The rate of colorectal cancer has been increasing among young adults in their 20s to 40s over the last two decades.
A 28-year-old postgraduate medical student who had successfully undergone robotic colorectal surgery for low rectal cancer at the Apollo Institute of Colorectal Surgery, Chennai, went on to complete her medical postgraduation and won a gold medal. The occasion also marked the completion of five years since the Apollo Institute of Colorectal Surgery began offering cutting-edge minimally invasive robotic surgical techniques and technology in the treatment of patients with colorectal diseases, especially colorectal cancer.
The rate of colorectal cancer has been increasing among young adults in their 20s to 40s over the last two decades. This is an age when people are active, building families and careers and it is important to ensure quality of life for these patients after treatment. However, colorectal cancer if identified in the early stages can be completely cured and robotic colorectal surgery helps patients avoid colostomy and lead a normal life.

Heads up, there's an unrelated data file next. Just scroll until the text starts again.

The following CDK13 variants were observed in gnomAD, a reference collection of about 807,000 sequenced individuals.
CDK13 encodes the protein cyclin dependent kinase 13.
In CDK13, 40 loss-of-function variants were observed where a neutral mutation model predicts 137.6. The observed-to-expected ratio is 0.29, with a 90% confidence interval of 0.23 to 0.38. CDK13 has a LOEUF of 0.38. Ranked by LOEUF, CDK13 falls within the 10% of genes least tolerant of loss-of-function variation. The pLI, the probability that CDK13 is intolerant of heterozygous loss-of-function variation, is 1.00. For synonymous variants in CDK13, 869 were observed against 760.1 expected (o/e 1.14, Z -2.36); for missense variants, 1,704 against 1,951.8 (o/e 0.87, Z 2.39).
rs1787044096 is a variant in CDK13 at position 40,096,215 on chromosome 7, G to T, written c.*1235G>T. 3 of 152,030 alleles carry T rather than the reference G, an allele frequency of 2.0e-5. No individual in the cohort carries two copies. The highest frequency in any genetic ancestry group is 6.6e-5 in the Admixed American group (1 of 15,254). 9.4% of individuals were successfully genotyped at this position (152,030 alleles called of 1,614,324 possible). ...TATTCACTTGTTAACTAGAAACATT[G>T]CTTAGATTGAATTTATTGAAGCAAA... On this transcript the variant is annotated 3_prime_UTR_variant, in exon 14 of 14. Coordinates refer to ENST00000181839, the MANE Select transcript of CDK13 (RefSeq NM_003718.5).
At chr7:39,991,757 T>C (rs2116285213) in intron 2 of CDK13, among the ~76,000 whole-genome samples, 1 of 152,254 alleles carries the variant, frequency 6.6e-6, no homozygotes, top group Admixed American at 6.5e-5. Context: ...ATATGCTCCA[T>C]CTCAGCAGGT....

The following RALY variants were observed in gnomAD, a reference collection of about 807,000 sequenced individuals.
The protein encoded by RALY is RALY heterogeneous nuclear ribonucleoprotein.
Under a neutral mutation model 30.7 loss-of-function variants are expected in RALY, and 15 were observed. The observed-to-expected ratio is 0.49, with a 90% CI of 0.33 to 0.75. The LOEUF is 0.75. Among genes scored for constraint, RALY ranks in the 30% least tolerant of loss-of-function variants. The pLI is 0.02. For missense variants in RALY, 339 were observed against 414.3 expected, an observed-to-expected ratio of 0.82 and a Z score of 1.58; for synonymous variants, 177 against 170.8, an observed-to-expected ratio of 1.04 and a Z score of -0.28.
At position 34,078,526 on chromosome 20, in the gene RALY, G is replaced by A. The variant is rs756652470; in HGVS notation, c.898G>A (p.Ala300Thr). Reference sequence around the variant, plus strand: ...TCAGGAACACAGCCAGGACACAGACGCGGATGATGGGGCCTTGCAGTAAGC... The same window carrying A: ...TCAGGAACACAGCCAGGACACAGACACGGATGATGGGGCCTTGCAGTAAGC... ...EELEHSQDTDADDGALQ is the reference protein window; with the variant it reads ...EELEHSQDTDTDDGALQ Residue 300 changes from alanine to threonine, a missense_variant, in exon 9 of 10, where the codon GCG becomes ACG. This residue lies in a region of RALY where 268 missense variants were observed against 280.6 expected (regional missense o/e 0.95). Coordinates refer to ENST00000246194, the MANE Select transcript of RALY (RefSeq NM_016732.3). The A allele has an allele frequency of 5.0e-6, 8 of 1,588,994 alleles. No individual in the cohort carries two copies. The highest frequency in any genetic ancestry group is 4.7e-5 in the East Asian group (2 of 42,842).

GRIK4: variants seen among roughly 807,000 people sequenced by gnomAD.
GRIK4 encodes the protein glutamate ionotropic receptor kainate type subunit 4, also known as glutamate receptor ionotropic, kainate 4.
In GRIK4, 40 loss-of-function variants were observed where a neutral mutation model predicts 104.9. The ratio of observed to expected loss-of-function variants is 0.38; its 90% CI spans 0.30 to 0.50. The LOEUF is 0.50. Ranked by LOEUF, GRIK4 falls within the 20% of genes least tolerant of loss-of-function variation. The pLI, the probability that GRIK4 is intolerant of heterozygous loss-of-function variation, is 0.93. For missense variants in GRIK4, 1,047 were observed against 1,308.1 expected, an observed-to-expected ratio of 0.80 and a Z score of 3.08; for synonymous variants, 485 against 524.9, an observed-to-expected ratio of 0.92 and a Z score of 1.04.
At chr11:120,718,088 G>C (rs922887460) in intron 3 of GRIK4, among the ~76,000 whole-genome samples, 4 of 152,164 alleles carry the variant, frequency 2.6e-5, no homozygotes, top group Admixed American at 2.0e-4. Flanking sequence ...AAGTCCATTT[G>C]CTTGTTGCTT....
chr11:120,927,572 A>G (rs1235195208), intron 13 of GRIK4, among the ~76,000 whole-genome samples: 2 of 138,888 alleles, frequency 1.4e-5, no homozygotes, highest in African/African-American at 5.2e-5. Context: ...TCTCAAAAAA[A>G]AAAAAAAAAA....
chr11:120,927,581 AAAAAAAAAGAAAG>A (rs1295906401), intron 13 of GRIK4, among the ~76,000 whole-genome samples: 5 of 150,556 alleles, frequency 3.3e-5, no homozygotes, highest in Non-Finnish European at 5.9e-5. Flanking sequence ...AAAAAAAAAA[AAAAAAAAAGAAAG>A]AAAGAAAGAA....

Dr. Prathap C Reddy, chairman, Apollo Hospitals Group, said, “The World Bank had put the spotlight on the huge impending crisis from non-communicable diseases in the decade ahead and the impact on individuals, families and the nation. Cancers in particular are taking a big toll and colorectal cancers are showing a rise, thus becoming a major threat. At Apollo, we are bringing in cutting edge medical technology, representing the next era of health care innovation to treat cancers.”
He said in 2016, they started a specialised department for Colorectal Surgery and also simultaneously started Robotic Colorectal Surgery. This has led to precision surgery that causes minimal side-effects in patients. The Robotic Colorectal surgery program will also be extended to other hospitals in the group.
“We are confident that along with early diagnosis, this will help in making a significant impact in reducing the morbidity and mortality from colorectal diseases including colorectal cancer.”